ACCORD hosted the first Annual General Meeting of the Association of Security Sector Education and Training (ASSET), which was held in Durban from 4-6 March 2009. The meeting brought together a variety of institutions from across the continent involved in SSR training and education to engage and share information and ideas on the challenges encountered in current Security Sector Reform (SSR) agendas and avenues of moving forward to address these challenges.
The meeting provided an opportunity to address the gaps that exist with regards to SSR training around the world and also to explore initiatives of cooperation with other actors and the United Nations on SSR training needs and agendas.
A group photograph of the participants at the Ist Annual General Meeting (AGM) of the Association of Security Sector Education and Training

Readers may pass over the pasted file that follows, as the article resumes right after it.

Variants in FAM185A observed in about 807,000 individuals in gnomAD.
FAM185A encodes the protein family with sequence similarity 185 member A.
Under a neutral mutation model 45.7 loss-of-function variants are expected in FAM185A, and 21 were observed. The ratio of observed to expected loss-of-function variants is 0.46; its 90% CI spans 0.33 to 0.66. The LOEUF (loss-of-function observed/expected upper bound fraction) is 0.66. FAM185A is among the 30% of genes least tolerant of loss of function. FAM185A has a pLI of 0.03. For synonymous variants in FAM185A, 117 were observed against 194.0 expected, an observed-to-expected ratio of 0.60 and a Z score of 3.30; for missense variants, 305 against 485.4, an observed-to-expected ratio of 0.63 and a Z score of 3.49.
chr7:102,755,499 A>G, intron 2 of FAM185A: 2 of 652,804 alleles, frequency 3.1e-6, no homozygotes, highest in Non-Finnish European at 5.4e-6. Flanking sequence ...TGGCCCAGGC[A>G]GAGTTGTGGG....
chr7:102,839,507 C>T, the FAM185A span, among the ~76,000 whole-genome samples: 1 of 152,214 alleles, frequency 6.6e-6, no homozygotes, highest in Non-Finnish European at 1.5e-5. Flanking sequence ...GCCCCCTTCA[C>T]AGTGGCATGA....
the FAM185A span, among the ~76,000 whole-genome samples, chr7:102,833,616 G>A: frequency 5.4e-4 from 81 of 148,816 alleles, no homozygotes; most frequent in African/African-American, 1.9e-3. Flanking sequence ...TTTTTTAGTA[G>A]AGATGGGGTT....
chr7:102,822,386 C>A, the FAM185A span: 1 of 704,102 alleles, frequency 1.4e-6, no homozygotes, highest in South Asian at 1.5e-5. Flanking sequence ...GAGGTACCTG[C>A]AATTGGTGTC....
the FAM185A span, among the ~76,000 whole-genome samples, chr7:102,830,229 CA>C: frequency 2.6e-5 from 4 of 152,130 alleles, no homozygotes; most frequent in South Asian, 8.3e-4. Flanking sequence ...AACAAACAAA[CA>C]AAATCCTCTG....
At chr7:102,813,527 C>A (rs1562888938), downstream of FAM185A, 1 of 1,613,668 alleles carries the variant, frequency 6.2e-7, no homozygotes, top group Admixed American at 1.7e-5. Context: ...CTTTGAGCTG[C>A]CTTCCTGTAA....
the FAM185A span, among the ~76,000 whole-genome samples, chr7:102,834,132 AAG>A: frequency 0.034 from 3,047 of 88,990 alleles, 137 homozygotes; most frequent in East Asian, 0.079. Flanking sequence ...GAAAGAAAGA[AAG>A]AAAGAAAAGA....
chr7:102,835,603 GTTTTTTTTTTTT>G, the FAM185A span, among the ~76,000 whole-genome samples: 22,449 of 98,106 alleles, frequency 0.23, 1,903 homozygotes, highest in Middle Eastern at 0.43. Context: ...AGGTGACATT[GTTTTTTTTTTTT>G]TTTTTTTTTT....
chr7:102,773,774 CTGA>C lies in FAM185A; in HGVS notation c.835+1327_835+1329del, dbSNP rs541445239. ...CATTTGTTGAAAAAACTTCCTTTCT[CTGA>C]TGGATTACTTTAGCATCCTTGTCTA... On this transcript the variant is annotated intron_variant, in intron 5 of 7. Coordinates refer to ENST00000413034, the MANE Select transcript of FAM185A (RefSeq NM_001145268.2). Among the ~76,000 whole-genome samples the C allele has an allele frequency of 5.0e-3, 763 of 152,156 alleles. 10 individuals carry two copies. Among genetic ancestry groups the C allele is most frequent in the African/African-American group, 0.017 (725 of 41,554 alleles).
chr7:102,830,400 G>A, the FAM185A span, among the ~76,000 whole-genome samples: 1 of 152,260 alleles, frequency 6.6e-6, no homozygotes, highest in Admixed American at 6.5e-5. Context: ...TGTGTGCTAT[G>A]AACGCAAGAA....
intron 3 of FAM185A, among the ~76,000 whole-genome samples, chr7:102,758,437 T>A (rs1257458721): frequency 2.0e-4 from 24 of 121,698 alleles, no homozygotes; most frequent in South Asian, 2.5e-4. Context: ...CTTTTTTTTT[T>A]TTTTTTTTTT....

The AGM brought together 23 participants from 16 training and education institutions from Asia, Africa, Europe and Northern and Central America. New members that joined the network included the Kofi Annan International Peacekeeping Training Centre (KAIPTC); IEPADES (Teaching Institute for Sustainable Development); the Austrian Centre for Peace and Conflict Resolution (ASPR); and the Centre for International Governance and Innovation (CIGI). Arising out of the meeting was the voting in of the member institutions of the 2009 Coordination Committee, which included ACCORD, to help chart the course and direct the network as it focuses on SSR education and training around the world. The United Nations, represented by the Security Sector Reform Team Office under the Department of Peacekeeping Operations (DPKO) was also present at the meeting to share the goals and agenda of the Office to build the capacity of all its missions on SSR. The Annual Meeting was highly valuable as it brought out rich recommendations on how to establish and solidify SSR training, bringing to the fore the need for accreditation and excellent trainers and training and how as a network it can help to meet the challenges and the problems encountered with SSR across the world.